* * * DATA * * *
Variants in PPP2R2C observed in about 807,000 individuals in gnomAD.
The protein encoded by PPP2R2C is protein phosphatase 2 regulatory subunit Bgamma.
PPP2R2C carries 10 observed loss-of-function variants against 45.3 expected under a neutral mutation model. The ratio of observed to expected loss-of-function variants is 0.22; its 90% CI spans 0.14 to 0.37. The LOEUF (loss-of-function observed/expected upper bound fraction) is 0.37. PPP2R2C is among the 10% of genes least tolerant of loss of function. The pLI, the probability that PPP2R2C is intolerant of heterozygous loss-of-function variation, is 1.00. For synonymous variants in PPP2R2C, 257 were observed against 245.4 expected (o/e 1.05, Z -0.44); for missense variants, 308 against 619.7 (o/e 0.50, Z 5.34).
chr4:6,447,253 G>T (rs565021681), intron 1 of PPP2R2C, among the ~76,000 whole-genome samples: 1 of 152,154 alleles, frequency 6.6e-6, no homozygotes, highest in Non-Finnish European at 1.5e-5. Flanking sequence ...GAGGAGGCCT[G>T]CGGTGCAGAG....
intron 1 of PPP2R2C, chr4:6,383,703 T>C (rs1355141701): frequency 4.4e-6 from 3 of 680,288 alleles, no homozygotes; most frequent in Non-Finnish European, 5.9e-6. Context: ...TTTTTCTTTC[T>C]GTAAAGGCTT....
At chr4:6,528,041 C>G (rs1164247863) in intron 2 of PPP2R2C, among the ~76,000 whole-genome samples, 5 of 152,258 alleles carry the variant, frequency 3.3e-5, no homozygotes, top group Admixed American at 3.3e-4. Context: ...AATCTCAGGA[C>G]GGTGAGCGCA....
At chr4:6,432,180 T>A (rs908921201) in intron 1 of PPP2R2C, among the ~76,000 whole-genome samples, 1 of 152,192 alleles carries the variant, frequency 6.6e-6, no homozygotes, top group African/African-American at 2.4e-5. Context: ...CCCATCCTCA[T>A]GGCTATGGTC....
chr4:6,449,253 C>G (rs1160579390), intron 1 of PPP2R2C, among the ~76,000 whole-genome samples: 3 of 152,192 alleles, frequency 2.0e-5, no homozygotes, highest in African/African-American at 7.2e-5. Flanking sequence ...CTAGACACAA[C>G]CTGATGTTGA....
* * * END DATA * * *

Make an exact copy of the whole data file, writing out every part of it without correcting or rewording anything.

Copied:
Variants in PPP2R2C observed in about 807,000 individuals in gnomAD.
The protein encoded by PPP2R2C is protein phosphatase 2 regulatory subunit Bgamma.
PPP2R2C carries 10 observed loss-of-function variants against 45.3 expected under a neutral mutation model. The ratio of observed to expected loss-of-function variants is 0.22; its 90% CI spans 0.14 to 0.37. The LOEUF (loss-of-function observed/expected upper bound fraction) is 0.37. PPP2R2C is among the 10% of genes least tolerant of loss of function. The pLI, the probability that PPP2R2C is intolerant of heterozygous loss-of-function variation, is 1.00. For synonymous variants in PPP2R2C, 257 were observed against 245.4 expected (o/e 1.05, Z -0.44); for missense variants, 308 against 619.7 (o/e 0.50, Z 5.34).
chr4:6,447,253 G>T (rs565021681), intron 1 of PPP2R2C, among the ~76,000 whole-genome samples: 1 of 152,154 alleles, frequency 6.6e-6, no homozygotes, highest in Non-Finnish European at 1.5e-5. Flanking sequence ...GAGGAGGCCT[G>T]CGGTGCAGAG....
intron 1 of PPP2R2C, chr4:6,383,703 T>C (rs1355141701): frequency 4.4e-6 from 3 of 680,288 alleles, no homozygotes; most frequent in Non-Finnish European, 5.9e-6. Context: ...TTTTTCTTTC[T>C]GTAAAGGCTT....
At chr4:6,528,041 C>G (rs1164247863) in intron 2 of PPP2R2C, among the ~76,000 whole-genome samples, 5 of 152,258 alleles carry the variant, frequency 3.3e-5, no homozygotes, top group Admixed American at 3.3e-4. Context: ...AATCTCAGGA[C>G]GGTGAGCGCA....
At chr4:6,432,180 T>A (rs908921201) in intron 1 of PPP2R2C, among the ~76,000 whole-genome samples, 1 of 152,192 alleles carries the variant, frequency 6.6e-6, no homozygotes, top group African/African-American at 2.4e-5. Context: ...CCCATCCTCA[T>A]GGCTATGGTC....
chr4:6,449,253 C>G (rs1160579390), intron 1 of PPP2R2C, among the ~76,000 whole-genome samples: 3 of 152,192 alleles, frequency 2.0e-5, no homozygotes, highest in African/African-American at 7.2e-5. Flanking sequence ...CTAGACACAA[C>G]CTGATGTTGA....